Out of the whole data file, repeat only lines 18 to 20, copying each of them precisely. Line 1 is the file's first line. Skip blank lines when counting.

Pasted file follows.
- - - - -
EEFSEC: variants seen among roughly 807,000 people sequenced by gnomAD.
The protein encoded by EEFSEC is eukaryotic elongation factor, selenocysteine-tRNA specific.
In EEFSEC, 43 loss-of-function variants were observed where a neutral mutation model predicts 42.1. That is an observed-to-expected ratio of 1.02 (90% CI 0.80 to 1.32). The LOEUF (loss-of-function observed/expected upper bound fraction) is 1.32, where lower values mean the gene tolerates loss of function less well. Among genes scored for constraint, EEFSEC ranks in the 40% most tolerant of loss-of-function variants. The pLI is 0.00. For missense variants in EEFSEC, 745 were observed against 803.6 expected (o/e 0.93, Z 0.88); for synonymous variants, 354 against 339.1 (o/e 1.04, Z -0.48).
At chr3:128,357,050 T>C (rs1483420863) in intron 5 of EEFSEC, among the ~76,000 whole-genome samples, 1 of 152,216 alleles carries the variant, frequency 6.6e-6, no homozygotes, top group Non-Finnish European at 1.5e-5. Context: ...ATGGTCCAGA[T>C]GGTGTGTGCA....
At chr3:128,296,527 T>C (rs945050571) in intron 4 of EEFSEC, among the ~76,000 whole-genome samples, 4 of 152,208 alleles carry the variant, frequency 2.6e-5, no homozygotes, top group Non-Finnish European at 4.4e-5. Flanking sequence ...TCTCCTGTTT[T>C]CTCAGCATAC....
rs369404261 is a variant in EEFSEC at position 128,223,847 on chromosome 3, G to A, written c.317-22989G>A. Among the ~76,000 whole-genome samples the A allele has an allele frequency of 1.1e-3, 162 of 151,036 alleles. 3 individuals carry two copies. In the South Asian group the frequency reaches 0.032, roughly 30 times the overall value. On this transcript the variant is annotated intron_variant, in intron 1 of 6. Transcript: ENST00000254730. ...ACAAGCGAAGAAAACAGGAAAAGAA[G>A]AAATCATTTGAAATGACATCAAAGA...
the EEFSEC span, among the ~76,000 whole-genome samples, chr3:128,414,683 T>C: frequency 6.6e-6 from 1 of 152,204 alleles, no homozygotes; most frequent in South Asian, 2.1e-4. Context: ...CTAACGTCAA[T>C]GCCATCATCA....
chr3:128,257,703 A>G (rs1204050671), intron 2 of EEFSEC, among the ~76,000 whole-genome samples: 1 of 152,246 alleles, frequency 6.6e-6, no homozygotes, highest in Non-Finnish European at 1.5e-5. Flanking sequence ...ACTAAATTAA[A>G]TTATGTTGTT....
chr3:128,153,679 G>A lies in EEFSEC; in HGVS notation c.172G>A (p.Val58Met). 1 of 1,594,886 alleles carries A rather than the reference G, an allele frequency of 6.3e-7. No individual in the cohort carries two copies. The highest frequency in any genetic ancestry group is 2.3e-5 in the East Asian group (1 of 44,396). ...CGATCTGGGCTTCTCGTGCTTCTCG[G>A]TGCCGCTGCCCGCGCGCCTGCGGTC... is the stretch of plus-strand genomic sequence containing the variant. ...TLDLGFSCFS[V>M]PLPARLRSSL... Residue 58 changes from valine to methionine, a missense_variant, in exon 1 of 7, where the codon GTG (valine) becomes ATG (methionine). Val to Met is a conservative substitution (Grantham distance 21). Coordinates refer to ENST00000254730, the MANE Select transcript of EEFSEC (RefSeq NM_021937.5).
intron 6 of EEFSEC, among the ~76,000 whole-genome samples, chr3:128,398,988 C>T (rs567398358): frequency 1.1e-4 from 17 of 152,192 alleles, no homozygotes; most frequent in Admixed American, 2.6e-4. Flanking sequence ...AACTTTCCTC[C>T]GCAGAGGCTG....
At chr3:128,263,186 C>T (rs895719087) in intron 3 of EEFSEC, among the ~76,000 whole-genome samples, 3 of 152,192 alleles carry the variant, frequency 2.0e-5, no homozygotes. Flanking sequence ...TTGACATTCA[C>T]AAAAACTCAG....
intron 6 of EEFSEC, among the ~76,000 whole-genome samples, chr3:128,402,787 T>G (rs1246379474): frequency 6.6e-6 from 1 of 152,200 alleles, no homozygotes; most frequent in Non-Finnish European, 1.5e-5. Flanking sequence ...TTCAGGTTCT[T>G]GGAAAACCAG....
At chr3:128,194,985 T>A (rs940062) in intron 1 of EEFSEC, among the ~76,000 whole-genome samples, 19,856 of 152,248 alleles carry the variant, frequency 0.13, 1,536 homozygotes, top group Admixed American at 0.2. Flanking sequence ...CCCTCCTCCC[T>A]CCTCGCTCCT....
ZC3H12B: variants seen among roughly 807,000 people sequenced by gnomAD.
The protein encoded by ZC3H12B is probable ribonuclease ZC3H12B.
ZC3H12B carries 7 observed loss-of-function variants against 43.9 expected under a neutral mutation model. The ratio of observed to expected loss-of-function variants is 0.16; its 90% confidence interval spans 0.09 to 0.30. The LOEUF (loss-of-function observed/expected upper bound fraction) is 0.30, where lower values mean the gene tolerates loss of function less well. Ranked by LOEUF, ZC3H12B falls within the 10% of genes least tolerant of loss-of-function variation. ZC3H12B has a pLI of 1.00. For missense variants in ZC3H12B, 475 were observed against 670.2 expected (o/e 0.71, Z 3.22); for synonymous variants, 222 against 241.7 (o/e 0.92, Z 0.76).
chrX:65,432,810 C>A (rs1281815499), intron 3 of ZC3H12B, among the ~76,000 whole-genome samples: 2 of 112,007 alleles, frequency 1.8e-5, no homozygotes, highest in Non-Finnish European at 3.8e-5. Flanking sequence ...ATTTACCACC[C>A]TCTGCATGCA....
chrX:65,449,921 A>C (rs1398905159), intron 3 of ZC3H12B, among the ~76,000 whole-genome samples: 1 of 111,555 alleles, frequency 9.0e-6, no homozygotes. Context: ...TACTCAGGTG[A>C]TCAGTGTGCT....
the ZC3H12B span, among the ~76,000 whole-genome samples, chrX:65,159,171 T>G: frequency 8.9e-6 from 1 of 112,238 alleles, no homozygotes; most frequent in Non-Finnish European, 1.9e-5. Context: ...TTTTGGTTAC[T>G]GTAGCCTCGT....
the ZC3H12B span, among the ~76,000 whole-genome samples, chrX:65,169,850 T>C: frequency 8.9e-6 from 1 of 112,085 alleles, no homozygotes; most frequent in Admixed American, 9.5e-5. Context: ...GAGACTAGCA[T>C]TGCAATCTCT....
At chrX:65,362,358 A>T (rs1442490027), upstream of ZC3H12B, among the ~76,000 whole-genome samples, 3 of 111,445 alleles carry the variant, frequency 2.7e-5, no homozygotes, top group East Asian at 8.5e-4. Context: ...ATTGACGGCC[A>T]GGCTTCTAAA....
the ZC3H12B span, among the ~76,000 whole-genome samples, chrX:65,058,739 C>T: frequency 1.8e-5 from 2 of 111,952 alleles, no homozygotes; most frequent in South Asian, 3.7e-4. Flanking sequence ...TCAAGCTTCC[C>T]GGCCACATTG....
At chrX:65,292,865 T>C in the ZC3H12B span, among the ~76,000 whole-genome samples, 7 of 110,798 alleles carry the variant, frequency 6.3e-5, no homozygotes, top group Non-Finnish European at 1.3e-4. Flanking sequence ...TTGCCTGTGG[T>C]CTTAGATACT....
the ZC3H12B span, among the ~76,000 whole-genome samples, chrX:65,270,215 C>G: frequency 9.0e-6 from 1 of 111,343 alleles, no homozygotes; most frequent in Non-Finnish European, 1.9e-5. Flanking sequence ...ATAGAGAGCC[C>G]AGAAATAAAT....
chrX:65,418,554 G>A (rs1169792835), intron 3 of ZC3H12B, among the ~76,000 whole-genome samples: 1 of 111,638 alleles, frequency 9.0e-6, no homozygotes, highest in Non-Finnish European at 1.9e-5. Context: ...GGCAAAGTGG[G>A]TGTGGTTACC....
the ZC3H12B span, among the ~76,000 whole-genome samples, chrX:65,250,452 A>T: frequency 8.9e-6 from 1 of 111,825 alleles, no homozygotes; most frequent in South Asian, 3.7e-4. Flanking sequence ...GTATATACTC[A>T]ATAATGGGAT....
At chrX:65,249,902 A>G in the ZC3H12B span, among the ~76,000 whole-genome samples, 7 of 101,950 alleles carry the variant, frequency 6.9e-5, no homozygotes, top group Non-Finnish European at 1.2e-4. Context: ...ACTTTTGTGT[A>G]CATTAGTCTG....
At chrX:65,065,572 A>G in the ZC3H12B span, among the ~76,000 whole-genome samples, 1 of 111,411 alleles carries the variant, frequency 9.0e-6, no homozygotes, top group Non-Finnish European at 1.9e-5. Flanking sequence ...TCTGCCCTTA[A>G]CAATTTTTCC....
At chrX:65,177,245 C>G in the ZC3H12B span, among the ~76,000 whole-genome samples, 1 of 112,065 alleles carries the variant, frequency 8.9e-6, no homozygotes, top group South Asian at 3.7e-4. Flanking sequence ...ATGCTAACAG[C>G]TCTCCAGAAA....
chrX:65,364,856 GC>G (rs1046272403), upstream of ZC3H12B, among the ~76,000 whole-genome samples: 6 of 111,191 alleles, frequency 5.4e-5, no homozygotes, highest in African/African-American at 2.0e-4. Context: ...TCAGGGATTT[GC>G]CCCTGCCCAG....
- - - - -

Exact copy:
chrX:65,449,921 A>C (rs1398905159), intron 3 of ZC3H12B, among the ~76,000 whole-genome samples: 1 of 111,555 alleles, frequency 9.0e-6, no homozygotes. Context: ...TACTCAGGTG[A>C]TCAGTGTGCT....
the ZC3H12B span, among the ~76,000 whole-genome samples, chrX:65,159,171 T>G: frequency 8.9e-6 from 1 of 112,238 alleles, no homozygotes; most frequent in Non-Finnish European, 1.9e-5. Context: ...TTTTGGTTAC[T>G]GTAGCCTCGT....
the ZC3H12B span, among the ~76,000 whole-genome samples, chrX:65,169,850 T>C: frequency 8.9e-6 from 1 of 112,085 alleles, no homozygotes; most frequent in Admixed American, 9.5e-5. Context: ...GAGACTAGCA[T>C]TGCAATCTCT....